And imagine: if half a teams’ fans were popping their clogs every which way but loose, they couldn’t afford to issue banning orders. So BANG! we’d be right back in the heady days of the
late ‘70s early ‘80s and maaaaan would it look good.
3. Dropping two places this week. Last week’s number one is this week’s number three… EAGLES. Eagles have a long and happy history with football. In Portugal, Benfica are known as
‘The Eagles’. This is not for the LA rock band but rather the winged creatures with large beaks and claws. Talons, I suppose you could call them. But I digress. Prior to home games at the Stadium of Light in Lisbon, Benfica bring out a bonafide bird of prey and let it off the leash. It then flaps about the stadium like some soaring
symbol of the Portuguese club’s greatness, before they then tempt the airborne animal back to the gauntlet with the promise of a tasty snack.
A Pop Tart or something.
In The Lord of the Rings eagles rescue the fellowship when it looks like all is lost, whisking them away unscathed from the final battle in Mordor and back to safety. Some critics
have pointed out that, if the eagles were really helpful, they would have saved the fellowship the whole journey from Shire to Mount Doom by flying them there instead, but that’s
like saying don’t bother getting the rattler to Swansea or Cardiff away, just hop on a no-frills flight instead and be there in half the time. It’s ALL ABOUT the journey: supping a few
cans of Tennent’s Super and getting a good old singsong going. They had a lot of singsongs in The Lord of the Rings and generally I skipped those parts. But when football’s concerned, you can’t skip the singsongs.
2. Our highest climber this week, moving up ten places, is HALLEY’S COMET. This short-period comet, named for the editor and publisher and friend of Newton Edmond
Halley, appears sky-wise during many of England’s greatest rucks. It was there – check the tapestry if you don’t believe me - in 1066, when that great kick-off happened in
Hastings. Then again in 1910, as though a harbinger of the forthcoming Great War. Then again in 1986, when I, for one, was mullering Argentines every which way but loose in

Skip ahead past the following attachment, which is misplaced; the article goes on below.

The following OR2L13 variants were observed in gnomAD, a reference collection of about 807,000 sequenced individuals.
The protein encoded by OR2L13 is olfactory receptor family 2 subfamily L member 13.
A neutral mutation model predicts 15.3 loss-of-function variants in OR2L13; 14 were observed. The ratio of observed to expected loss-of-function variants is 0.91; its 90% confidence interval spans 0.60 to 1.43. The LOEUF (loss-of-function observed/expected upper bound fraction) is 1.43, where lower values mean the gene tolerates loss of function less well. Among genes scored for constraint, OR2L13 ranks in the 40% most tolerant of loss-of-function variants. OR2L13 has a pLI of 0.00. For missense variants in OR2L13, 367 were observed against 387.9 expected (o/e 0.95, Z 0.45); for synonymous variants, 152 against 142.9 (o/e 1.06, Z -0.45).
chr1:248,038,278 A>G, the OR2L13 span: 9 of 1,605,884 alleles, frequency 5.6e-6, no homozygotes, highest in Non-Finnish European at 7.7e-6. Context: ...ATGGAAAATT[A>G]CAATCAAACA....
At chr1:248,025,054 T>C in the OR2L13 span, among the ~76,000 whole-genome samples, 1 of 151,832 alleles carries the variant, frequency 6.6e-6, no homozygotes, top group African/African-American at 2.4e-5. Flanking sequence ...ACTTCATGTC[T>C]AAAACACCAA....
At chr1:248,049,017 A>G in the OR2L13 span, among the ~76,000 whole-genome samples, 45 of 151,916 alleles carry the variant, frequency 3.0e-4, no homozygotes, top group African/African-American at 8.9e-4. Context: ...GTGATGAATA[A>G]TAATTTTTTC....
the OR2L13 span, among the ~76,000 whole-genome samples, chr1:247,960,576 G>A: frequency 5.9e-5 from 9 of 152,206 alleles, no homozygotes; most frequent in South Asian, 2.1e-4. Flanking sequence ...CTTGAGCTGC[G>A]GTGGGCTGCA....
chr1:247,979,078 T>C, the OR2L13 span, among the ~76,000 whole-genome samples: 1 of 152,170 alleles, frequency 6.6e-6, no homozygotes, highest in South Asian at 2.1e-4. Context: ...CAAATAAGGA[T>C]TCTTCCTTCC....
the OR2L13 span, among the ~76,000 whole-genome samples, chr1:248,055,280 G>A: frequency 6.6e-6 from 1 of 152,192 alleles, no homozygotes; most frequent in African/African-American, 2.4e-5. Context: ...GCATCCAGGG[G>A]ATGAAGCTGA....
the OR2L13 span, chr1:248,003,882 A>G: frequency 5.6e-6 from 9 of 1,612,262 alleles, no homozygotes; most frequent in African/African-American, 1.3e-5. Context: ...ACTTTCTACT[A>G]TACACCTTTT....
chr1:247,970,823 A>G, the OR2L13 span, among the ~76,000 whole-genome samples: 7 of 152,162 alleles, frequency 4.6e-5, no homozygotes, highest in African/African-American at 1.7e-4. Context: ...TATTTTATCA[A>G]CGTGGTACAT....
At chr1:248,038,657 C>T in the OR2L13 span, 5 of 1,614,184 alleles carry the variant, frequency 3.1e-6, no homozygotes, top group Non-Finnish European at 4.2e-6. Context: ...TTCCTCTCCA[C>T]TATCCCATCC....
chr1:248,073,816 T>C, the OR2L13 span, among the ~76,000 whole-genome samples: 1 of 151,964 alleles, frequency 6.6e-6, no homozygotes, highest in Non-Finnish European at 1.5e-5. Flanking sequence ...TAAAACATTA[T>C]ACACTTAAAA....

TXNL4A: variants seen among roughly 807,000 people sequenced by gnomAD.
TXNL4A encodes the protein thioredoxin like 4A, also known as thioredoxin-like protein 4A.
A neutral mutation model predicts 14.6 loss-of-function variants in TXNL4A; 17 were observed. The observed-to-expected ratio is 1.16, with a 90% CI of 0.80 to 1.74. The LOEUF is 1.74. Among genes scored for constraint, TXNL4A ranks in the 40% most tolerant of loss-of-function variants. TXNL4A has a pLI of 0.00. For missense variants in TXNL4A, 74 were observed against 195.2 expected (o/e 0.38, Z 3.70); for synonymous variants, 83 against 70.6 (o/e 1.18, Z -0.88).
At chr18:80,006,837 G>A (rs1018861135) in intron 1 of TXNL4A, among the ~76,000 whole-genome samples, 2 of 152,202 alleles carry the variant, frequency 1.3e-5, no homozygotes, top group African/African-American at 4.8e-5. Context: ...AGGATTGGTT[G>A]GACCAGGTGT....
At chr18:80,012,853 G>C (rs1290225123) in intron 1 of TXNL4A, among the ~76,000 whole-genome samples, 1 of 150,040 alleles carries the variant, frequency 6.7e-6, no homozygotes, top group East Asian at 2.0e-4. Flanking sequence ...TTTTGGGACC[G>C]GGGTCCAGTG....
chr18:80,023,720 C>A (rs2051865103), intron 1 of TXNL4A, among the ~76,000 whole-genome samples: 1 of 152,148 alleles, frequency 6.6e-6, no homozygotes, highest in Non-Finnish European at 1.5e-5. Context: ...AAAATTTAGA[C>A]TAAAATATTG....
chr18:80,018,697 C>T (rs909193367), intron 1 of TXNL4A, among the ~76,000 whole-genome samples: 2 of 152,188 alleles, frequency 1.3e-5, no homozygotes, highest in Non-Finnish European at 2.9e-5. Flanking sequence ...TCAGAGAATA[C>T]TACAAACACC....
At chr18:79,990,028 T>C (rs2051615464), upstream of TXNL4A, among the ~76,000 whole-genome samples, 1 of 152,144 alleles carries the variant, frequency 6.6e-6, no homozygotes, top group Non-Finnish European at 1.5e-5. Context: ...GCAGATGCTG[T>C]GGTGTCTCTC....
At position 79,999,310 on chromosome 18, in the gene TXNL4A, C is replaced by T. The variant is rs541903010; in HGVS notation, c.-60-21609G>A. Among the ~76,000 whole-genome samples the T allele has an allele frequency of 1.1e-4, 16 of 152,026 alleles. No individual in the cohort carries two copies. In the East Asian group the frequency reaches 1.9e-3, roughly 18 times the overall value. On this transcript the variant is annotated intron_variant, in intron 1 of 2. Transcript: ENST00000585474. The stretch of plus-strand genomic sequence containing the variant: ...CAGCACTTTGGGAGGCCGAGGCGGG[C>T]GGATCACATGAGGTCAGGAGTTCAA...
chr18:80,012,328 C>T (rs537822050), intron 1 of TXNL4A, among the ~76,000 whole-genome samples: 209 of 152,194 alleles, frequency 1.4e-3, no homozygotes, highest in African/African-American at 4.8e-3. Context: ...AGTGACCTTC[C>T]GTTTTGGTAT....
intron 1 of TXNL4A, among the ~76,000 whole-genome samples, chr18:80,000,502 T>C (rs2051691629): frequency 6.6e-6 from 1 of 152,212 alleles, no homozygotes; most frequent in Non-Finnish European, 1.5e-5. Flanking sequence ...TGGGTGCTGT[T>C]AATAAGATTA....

Mexico after we were cheated by Maradona in the World Cup Quarter-Final.
The next time Halley’s Comet shuffles around is in 2061, which is some wait. Hell, by that time Newcastle United might have won a trophy and the Scottish national side could
have qualified for a major international tournament.
But what if we stacked the deck somehow? Sent some kind of lasso up into space and dragged said lumbering chunk of rock Earth-wise? Got it to interfere - somehow – with the
atmosphere around each and every football game in order that they descended into the kind of chaos we saw in the opening stanza of the rugby league play-off final at Old
Trafford, when that one lumbering comet of a feller pummelled into the other lumbering comet of a feller? Imagine that.
I’m not saying it will happen, but it might. I’ll have a word with my good friend Nige Farage.
1. And our undisputed number one this week is… Drum-roll please… THE MUSIC OF PHIL COLLINS: Steven Gerrard would wholeheartedly
agree the current fare of pseudo-pop being served up pre-match and at half-time in Premier League games is sub-standard, reflective of the neutered atmosphere within football stadia
today. Grounds should be liminal locations where one can throw off the shackles of society and expected behaviour. They should be places to let off steam.
When I were a nipper, standing on the terraces at Elland Road, Leeds, Video Killed the Radio Star crackled out of tinny speakers above our heads and seemed to signify a wonderful
new world. One could look past the fact a chubby gentleman to the rear-left of you was pissing in the pocket of your new shellie because the music transported you. And while all
around was chaos, you could hold your place – stand! – and hear the music sound like a thousand heavenly trumpets to celebrate you holding firm
in a ruck.
Now we get dirges, drones like The White Stripes’ Seven Nation Army. Every team in the country’s got a Seven Nation Army song with which they ‘serenade’ one of their favourites. It’s
No wonder Stevie G got all up in the coupon of that DJ in a Southport night-spot and asked him to please – pleassssseeee – stick on some Philbert Collins Esquire. Now that’s real
music. Even Bret Easton Ellis’ American Psycho would concur. If we get a little more Phil pumping out of the stereos at our football stadia, we will forget the identikit, safe nature of
these unfortunate places and instead remember the glory days, back when you knew there would be a decent ruck, any place you went. Collins was the soundtrack to those halcyon
days. That’s what I’d love to hear ‘coming in the air tonight’. Oh lo.